and right over our heads
. This time I was ready.
When we first arrived, the park staff asked us to let them know if we found
any rarities for the park. We found not merely a rarity, but a bird that is a
second-ever for all Lanark County, in recorded history. White Pelicans are a
western species whose breeding range touches only the extreme western tip of
Ontario. This would have been a very lost, late spring migrant! It is an
Ontario-first and a second-ever bird for me.
Other than that, my photo set from this trip might better be termed "insects
and orchids." I saw plenty of good birds, but most of them too far away for my
lens to capture at all well. (I envy those with steady-enough hands to shoot
A kind of adorable furry-headed moth I found on some low vegetation. I think
it's an Agreeable
. (That being, of course, a close relative of the Disagreeable
Tiger Moth and the Cantankerous Tiger Moth. Okay, maybe not.) A lifer insect
for me, to go with my lifer wildflower (Ram's Head Ladyslipper), lifer reptile
(Rat Snake), and pretty-darn-close-to-lifer bird!
A daddy longlegs, more properly called harvestman. Harvestmen are not spiders
and are harmless to humans. I've loved them since I was a child.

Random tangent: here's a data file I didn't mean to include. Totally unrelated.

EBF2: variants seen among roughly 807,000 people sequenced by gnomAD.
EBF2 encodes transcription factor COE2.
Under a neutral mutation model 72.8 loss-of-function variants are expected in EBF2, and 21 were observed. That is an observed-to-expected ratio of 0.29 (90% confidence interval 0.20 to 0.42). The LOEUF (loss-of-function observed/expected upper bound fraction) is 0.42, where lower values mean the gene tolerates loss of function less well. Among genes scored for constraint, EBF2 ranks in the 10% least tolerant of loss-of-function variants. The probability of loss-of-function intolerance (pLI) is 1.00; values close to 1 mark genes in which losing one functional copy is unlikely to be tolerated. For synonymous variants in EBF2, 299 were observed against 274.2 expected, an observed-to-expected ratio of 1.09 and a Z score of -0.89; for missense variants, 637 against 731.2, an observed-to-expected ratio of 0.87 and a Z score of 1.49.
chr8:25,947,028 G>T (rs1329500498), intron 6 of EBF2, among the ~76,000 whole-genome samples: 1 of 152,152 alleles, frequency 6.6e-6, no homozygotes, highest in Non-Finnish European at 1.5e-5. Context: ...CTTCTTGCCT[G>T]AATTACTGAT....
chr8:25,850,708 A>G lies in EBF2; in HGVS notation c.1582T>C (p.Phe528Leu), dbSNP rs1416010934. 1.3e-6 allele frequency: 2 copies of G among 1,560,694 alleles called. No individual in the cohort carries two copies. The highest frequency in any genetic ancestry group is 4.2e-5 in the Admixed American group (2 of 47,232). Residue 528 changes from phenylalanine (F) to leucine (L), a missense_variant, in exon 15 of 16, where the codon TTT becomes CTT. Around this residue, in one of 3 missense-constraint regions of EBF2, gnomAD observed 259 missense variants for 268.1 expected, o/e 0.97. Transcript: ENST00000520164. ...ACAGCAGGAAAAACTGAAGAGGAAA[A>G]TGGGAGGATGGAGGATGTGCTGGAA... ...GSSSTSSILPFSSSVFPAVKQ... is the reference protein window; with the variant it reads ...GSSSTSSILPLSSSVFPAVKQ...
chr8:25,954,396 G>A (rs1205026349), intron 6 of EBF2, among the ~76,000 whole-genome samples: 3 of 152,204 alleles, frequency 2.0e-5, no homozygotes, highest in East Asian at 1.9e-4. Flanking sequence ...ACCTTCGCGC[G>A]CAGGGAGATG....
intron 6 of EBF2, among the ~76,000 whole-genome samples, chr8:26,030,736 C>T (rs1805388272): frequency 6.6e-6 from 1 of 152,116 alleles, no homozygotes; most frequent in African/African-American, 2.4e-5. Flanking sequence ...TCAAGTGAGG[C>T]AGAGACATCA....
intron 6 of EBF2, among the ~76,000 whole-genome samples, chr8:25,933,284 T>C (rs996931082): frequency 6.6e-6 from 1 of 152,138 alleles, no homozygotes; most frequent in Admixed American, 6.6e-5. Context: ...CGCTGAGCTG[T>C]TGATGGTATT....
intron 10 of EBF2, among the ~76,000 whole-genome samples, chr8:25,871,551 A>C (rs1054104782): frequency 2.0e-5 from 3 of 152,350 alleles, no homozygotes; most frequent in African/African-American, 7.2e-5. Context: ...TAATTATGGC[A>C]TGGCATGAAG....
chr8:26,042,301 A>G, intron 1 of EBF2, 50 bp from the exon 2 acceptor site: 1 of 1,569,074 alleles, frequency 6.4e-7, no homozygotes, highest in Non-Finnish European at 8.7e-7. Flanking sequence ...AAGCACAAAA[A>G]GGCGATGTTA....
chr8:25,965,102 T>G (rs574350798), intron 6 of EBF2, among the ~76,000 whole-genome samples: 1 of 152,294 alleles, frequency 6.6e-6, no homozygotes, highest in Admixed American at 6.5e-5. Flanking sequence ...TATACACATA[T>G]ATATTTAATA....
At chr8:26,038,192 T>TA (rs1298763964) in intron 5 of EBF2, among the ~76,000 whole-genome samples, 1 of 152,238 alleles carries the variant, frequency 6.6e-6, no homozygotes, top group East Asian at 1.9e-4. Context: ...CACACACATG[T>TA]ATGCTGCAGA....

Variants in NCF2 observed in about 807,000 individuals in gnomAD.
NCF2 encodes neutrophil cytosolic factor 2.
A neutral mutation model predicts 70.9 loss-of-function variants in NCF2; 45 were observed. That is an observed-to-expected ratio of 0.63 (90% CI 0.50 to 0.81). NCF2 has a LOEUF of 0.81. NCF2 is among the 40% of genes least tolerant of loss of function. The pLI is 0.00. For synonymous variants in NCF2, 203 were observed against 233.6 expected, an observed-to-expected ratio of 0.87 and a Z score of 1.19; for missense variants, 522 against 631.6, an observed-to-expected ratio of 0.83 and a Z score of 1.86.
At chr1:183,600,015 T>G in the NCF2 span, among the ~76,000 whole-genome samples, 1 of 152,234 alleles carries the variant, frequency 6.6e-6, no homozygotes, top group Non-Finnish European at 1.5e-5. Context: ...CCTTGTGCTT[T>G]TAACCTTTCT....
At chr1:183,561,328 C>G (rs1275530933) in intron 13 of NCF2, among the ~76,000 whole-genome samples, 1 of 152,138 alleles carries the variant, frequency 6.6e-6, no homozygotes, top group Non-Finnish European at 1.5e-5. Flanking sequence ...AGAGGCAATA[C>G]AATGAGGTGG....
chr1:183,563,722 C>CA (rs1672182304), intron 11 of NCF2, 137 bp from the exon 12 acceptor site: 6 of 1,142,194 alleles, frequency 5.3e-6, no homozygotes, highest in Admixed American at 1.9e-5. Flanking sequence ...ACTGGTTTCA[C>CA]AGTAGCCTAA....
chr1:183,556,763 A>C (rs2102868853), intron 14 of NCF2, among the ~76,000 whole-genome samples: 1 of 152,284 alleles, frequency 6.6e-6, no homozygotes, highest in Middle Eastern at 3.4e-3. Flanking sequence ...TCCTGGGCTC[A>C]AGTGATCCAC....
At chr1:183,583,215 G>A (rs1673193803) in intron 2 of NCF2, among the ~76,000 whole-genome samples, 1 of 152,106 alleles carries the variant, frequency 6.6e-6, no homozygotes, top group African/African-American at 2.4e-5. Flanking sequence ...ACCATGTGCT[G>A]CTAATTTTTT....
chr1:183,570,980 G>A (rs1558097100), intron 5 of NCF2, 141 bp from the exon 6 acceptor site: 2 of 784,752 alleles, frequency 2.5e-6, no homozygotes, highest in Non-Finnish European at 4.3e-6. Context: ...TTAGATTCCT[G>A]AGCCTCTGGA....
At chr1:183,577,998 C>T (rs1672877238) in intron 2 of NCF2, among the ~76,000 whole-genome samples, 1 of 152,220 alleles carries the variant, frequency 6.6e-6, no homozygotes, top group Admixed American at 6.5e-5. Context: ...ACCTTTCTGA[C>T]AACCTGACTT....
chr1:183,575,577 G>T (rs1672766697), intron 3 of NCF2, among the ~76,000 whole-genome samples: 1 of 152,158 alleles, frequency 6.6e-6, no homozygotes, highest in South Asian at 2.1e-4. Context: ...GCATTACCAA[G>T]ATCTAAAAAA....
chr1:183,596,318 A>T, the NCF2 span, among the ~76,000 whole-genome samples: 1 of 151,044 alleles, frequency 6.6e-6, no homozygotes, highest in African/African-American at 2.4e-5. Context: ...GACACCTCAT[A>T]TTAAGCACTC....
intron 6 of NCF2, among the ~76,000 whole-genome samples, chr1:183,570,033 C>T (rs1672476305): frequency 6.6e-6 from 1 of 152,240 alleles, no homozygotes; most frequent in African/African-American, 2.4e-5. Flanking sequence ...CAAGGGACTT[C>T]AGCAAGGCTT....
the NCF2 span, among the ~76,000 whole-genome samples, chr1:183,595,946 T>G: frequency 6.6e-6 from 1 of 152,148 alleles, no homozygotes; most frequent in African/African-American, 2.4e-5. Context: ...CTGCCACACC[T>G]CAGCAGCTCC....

Our final stop of the day was Purdon Conservation Area, famous for its
thriving colony of a large, beautiful wild orchid, the Showy Ladyslipper. But
we arrived to find the orchids not yet in bloom. The many tall shoots promised
an incredible show once they are. I plan to go back on my own (and/or with
Michael) in late June, when they should be at peak. The carnivorous Pitcher
Plants were also not much to look at yet. But there were a few wildflowers
I've noticed quite a few tent caterpillars in Ottawa this spring, but that's
nothing compared to Lanark County. Sites we visited had an infestation of epic
proportions, with tents and caterpillars everywhere you looked. In the trees,
in the bushes, on the ground, on your backpack, on your head. The deposit box
for park fees at Murphy's Point had a mass of a few dozen crawling atop it. At